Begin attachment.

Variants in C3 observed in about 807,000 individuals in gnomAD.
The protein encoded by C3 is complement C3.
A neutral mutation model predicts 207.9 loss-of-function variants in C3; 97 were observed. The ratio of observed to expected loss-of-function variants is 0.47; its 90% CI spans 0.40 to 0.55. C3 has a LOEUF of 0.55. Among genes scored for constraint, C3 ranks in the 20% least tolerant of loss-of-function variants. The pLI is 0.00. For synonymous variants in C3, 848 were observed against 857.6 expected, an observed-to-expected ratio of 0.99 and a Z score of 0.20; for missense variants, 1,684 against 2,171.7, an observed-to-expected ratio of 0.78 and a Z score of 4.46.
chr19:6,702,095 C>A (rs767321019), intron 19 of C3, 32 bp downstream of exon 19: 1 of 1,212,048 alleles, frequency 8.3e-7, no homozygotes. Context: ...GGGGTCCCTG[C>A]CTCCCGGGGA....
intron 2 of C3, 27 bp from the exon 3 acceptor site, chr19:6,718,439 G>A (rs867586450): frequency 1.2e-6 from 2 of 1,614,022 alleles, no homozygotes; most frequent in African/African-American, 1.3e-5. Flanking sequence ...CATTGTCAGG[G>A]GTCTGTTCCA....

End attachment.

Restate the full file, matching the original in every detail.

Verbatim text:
Variants in C3 observed in about 807,000 individuals in gnomAD.
The protein encoded by C3 is complement C3.
A neutral mutation model predicts 207.9 loss-of-function variants in C3; 97 were observed. The ratio of observed to expected loss-of-function variants is 0.47; its 90% CI spans 0.40 to 0.55. C3 has a LOEUF of 0.55. Among genes scored for constraint, C3 ranks in the 20% least tolerant of loss-of-function variants. The pLI is 0.00. For synonymous variants in C3, 848 were observed against 857.6 expected, an observed-to-expected ratio of 0.99 and a Z score of 0.20; for missense variants, 1,684 against 2,171.7, an observed-to-expected ratio of 0.78 and a Z score of 4.46.
chr19:6,702,095 C>A (rs767321019), intron 19 of C3, 32 bp downstream of exon 19: 1 of 1,212,048 alleles, frequency 8.3e-7, no homozygotes. Context: ...GGGGTCCCTG[C>A]CTCCCGGGGA....
intron 2 of C3, 27 bp from the exon 3 acceptor site, chr19:6,718,439 G>A (rs867586450): frequency 1.2e-6 from 2 of 1,614,022 alleles, no homozygotes; most frequent in African/African-American, 1.3e-5. Flanking sequence ...CATTGTCAGG[G>A]GTCTGTTCCA....